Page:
TABLE OF CONTENTS

PRINT Summer 2018

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SECRET GARDENS

Maria Thereza Alves, Seeds of Change: A Floating Ballast Seed Garden, 2012–16, barge, plants, soil, wood. Installation view, Bristol, UK, 2015. From Seeds of Change, 1999–. Photo: Maria Thereza Alves.

THE FUNNY THING about ships is that you have to weigh them down to keep them afloat. Historically, stones, soil, sand, wood, and bricks placed inside a ship’s hull have provided this weight. At the end of a voyage, the ballast is dumped, to be repurposed as building materials or to settle as soil. It becomes a pedological archive: A portion of the ground beneath Manhattan’s FDR Drive is built from the rubble of British buildings demolished during World War II; the area came to be known as Bristol Basin. Meanwhile, Liverpudlian stones that were a by-product of the trans-atlantic cotton and tobacco trades make up Savannah, Georgia’s iconic cobblestone streets. Sometimes, ballast creates new terrain, too, as is the case on Lilla Norge, an island off the eastern coast of central Sweden that blooms with Norwegian flowers found nowhere else in the area.

Ballast similarly anchors Maria Thereza Alves’s project Seeds of Change,1999–. Like people, seeds can unexpectedly find themselves far from their homelands. They travel in the bellies of animals and amid ballast in the hulls of ships before being discarded as waste on new shores. These seeds can lie dormant for hundreds of years before a chance upheaval exposes them to light, causing them to sprout. Seeds are patient, after all: In 2005, Israeli researchers were able to germinate a two-thousand-year-old date-palm seed; the resulting plant was subsequently dubbed the “Methuselah” tree. Seeds, like colonized populations, bear buried within them the capacity to endure despite the most oppressive of surroundings. In 2012, a team of Russian scientists announced that they had successfully grown a flower from a thirty-two-thousand-year-old squirrel cache of seeds buried in Siberian permafrost. They failed to germinate the seeds but were able to extract cells from their placentas and grow new flowers. The next year, the flowers—which were identical to one another but had narrower petals than the same species of flower today—produced seeds of their own.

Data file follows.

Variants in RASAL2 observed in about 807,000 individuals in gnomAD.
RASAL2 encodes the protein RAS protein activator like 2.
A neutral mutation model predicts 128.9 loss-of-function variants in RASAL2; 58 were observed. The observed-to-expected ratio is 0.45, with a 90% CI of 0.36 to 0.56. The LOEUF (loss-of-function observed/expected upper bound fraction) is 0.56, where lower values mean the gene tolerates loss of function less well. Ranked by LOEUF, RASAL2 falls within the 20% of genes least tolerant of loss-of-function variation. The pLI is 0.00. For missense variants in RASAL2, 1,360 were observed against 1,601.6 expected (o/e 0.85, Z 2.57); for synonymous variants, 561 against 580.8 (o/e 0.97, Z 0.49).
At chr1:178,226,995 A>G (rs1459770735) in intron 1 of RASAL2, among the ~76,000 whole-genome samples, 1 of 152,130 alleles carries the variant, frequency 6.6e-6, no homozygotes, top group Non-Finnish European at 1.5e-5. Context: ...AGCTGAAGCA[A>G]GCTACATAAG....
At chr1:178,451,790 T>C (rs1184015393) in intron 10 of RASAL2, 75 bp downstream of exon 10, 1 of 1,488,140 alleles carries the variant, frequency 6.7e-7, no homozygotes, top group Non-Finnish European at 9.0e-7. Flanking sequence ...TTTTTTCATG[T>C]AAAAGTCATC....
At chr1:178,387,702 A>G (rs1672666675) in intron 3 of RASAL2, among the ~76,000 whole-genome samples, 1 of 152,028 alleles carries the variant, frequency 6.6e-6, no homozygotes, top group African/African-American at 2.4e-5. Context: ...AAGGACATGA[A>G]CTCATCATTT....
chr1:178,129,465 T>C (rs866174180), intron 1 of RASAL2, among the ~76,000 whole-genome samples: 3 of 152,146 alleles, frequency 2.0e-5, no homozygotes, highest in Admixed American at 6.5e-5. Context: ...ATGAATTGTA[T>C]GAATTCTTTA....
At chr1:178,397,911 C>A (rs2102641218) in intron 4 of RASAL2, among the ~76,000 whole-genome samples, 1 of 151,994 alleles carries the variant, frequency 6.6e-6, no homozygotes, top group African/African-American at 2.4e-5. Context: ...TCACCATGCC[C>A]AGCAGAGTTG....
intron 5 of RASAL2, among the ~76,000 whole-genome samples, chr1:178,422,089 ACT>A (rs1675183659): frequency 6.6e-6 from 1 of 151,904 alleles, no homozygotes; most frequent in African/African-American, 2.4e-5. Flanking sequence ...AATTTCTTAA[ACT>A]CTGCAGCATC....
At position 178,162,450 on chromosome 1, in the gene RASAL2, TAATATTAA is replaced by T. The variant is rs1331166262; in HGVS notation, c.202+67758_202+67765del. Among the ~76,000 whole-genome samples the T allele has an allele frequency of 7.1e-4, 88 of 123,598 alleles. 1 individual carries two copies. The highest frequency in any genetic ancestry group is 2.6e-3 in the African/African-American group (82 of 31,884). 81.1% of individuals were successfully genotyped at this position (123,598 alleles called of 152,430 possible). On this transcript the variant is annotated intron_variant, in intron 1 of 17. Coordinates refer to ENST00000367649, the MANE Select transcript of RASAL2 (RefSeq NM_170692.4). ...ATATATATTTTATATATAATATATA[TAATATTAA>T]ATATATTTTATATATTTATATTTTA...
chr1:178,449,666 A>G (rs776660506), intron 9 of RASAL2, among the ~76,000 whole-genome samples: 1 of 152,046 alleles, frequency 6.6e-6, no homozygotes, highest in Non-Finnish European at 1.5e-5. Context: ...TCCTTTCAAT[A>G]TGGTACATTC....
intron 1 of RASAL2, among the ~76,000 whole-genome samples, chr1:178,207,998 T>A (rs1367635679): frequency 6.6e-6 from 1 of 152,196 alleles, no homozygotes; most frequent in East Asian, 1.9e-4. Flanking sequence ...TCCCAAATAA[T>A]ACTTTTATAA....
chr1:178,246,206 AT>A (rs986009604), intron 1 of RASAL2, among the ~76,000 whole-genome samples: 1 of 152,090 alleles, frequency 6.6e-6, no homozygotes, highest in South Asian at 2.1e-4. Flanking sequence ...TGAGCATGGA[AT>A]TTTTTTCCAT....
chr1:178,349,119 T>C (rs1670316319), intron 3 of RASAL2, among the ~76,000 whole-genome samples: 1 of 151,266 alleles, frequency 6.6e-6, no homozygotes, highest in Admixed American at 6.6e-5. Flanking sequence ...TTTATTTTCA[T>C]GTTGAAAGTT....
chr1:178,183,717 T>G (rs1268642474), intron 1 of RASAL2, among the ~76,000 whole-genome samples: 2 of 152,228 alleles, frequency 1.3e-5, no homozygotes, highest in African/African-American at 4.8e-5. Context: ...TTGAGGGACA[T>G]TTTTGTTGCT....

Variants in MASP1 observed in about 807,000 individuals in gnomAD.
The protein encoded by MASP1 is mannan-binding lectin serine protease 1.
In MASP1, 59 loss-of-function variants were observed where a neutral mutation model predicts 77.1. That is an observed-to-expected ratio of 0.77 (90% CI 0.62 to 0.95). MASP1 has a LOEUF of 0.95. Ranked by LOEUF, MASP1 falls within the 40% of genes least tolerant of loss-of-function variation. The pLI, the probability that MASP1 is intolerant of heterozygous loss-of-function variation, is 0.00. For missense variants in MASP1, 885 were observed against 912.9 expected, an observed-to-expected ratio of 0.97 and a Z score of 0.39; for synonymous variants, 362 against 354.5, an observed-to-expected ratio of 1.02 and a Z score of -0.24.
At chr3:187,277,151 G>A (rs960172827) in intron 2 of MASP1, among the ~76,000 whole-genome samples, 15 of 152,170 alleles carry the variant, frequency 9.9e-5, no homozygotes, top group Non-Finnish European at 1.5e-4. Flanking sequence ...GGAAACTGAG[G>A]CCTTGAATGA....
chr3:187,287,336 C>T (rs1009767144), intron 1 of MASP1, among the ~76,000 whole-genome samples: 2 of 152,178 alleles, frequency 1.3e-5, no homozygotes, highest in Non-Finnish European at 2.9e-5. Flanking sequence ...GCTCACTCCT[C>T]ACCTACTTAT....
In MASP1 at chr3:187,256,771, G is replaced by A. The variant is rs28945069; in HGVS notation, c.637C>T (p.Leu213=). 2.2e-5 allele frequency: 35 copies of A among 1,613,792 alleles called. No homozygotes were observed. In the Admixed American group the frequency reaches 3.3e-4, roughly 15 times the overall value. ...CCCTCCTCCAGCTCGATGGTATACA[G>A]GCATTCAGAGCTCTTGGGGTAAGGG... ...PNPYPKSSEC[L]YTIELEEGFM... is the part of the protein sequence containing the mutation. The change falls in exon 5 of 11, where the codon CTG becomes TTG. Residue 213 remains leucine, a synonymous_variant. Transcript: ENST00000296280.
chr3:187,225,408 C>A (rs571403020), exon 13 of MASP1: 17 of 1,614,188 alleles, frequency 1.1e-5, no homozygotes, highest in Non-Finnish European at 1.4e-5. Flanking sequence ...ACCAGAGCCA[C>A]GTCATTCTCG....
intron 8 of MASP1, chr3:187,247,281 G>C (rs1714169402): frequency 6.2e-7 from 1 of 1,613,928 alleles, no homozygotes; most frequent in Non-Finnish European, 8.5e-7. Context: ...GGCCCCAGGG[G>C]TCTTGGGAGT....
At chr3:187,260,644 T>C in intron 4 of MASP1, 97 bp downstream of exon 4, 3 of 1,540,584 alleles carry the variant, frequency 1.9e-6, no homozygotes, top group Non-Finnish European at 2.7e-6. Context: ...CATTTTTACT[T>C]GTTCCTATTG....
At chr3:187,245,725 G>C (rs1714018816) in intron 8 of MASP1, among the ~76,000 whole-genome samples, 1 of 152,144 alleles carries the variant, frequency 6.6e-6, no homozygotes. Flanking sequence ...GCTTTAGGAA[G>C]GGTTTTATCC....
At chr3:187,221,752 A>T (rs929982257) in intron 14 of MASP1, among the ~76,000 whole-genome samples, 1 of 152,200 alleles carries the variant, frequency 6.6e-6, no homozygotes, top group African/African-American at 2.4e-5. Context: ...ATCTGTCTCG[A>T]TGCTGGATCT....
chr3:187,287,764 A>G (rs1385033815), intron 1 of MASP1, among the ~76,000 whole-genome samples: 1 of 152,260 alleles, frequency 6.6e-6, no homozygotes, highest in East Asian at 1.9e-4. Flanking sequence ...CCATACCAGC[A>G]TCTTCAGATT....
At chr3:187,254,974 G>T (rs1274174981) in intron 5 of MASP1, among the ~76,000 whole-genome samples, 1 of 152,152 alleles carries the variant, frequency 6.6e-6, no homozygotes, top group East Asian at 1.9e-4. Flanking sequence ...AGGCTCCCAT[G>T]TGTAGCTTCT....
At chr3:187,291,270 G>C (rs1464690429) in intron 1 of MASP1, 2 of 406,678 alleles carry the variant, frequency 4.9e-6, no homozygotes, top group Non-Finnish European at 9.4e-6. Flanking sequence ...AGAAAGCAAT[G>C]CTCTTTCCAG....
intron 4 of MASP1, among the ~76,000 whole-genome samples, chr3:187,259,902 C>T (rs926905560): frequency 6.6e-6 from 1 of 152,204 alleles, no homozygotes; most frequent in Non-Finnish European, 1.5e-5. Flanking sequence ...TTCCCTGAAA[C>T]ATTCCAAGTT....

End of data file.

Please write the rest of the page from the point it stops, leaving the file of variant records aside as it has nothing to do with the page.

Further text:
Seeds, like colonized populations, bear buried within them the capacity to endure despite the most oppressive of surroundings.

Like the best time travelers, seeds are storytellers. Since 1999, Alves has been using these inadvertent hitchhikers to unspool violent histories of colonialism, transnational commerce, migration, and resource extraction. After researching a city’s ballast sites, she takes soil samples, germinates whatever seeds they contain, and consults scientists and archives to identify the flora, later displaying them in gardens. Previous iterations of the project took place in the European port cities of Marseille in France; and Dunkirk, Exeter, Liverpool, and Bristol, in England; and on Reposaari, a small island that was once Finland’s largest port.

In each location, Alves reverse-engineers horticultural history to question what it means to be indigenous to a land. Consider the species Japanese knotweed and kudzu. Both were initially introduced to Europe and North America from Japan as ornamental garden plants, which is to say, as plants that can be controlled and contained. Today, they are billed as invasive alien hordes, kudzu in particular, which has gained the moniker “the vine that ate the South.” Parallels between this extension of xenophobia to foreign-origin plants and the present-day rise of nativist sentiment are clear, if sometimes over-determined. For example, in Bristol, where Alves planted her garden on a floating river barge, the selection of flora included rocket and marigold. Both plants are beloved for being quintessentially English, and are semiotically loaded as such, but they are also relatively recent products of the shipping trade—the marigold is, in fact, native to the Americas.